UK plans to accommodate another record-breaking first-year class with TRI-IT pilot program


Construction has been completed on Woodland Ave in front of Chellgren Hall in Lexington, Kentucky. Photo by Jordan Prather | File photo

Bryce Towle, Reporter

UK Housing is launching TRI-IT, a new dorm concept that fits three students into a two-bedroom suite, Director of Issues Management and Crisis Communications, Whitney Siddiqi said in an email to the Kernel.

According to the email, participants in the TRI-IT program will receive a discounted rate for living expenses. The standard two-bedroom suites offer living spaces for two people and cost $5,181 per semester. The three-person modified two-bedroom suite, or the TRI-IT option is priced at $4,922 for bedroom A (Bed A) and $4,138 for bedroom B (Bed B or C) per semester. 

Bed A of the TRI-IT option offers the same living quarters as the standard two-bedroom suites, one individual bedroom with a full-size XL bed, furniture and a five-foot by two-foot closet. The bedroom with beds B or C is equipped with twin-size XL bunk beds, additional furniture and shared closet space of the same size as bedroom A. The entirety of the living space is equipped with a semi-private bathroom, a common area and granite countertops, according to the UK housing website.

“In addition to the discounted room rates, all three roommates living in a TRI-IT room will receive up to $150 added to their UK Plus Account and up to $50 to use at the UK Bookstore,” Siddiqi said. 

The new option for student living will be available in Ball Hall, Blazer Hall, Chellgren Hall, Haggin Hall, Holmes Hall, Jewell Hall, Lewis Hall, Pigman Hall, Woodland Glen IV and Woodland Glen V. 

Last year the university received an entry class of over 6,000 students, leaving UK housing with a strained bed-to-student ratio, according to the Kernel’s “Overwhelmed” investigation series.

According to Siddiqi, UK expects another record first-year class this fall, also noting that the university has an unprecedented demand among students for on-campus housing.

Housing another record-breaking first-year class remains an issue, and the TRI-IT pilot program is aimed to correct it. 

“To accommodate as many students living on campus as possible as these students do better academically, acclimate more quickly to college life, and are more involved in the campus community,” Siddiqi said.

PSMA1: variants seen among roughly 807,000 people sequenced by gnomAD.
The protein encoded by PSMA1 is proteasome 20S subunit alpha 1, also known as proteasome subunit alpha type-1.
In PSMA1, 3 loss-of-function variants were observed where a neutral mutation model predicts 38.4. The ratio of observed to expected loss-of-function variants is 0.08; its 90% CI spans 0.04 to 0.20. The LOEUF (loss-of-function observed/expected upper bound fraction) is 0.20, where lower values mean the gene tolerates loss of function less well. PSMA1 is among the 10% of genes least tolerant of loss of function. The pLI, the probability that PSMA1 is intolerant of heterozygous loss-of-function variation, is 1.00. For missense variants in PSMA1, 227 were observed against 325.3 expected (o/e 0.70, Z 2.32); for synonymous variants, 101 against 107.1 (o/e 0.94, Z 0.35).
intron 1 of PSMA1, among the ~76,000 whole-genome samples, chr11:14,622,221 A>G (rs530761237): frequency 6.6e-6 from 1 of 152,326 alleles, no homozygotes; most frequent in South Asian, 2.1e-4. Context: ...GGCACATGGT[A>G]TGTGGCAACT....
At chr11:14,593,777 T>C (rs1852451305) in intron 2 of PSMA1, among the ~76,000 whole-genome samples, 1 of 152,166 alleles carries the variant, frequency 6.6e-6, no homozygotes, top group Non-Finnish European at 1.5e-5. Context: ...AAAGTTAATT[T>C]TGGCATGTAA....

Jason Akwa, an incoming freshman human health sciences major who is planning on living on campus weighed in with his opinions on the topic of the TRI-IT dorms. 

“I immediately shut it down, I wasn’t open to it at all. As soon as I saw it, I just wanted to stick to a two-person room,” Akwa said.

Meenaloshini Kandasamy, a sophomore psychology major at the university, said students will feel as though the two-bedroom three-person suite is unfair.

“It might be just kind of weird, they’ll feel it’s unfair. And also like for their college experience, they probably want that privacy,” Kandasamy said.

For many incoming students, housing plays a role in their choice to become a UK student, this was true for third-year political science major Stephen Morkel. 

“One of the reasons that I decided to come on campus and come to UK was that I knew that the dorms I’d be living in are really nice, especially coming in 2020 privacy was really, really important then, but the dorms are incredibly expensive, ludicrously expensive,” Morkel said. “And to kind of force in additional people into a space that was not built for it…I mean it just seems unfair.”

Morkel added that this is not the best solution to another record-breaking first-year class, and that he feels the university is “creating a half-measure response” in the hope to create a solution for the increase of incoming students. 

“Last year, housing was just like, horrible from what I heard, you know, people sleeping in the study rooms…that’s just awful, and they are bringing in just as many people… sounds like they’re taking out one bed and putting in another and saying job well done. You know, that’s just not how it works,” Morkel said.

The housing rates currently reflect the fall 2023 semester price. Spring 2024 room rates are subject to change. A review and approval by the UK Board of Trustees are pending, according to the campus housing website.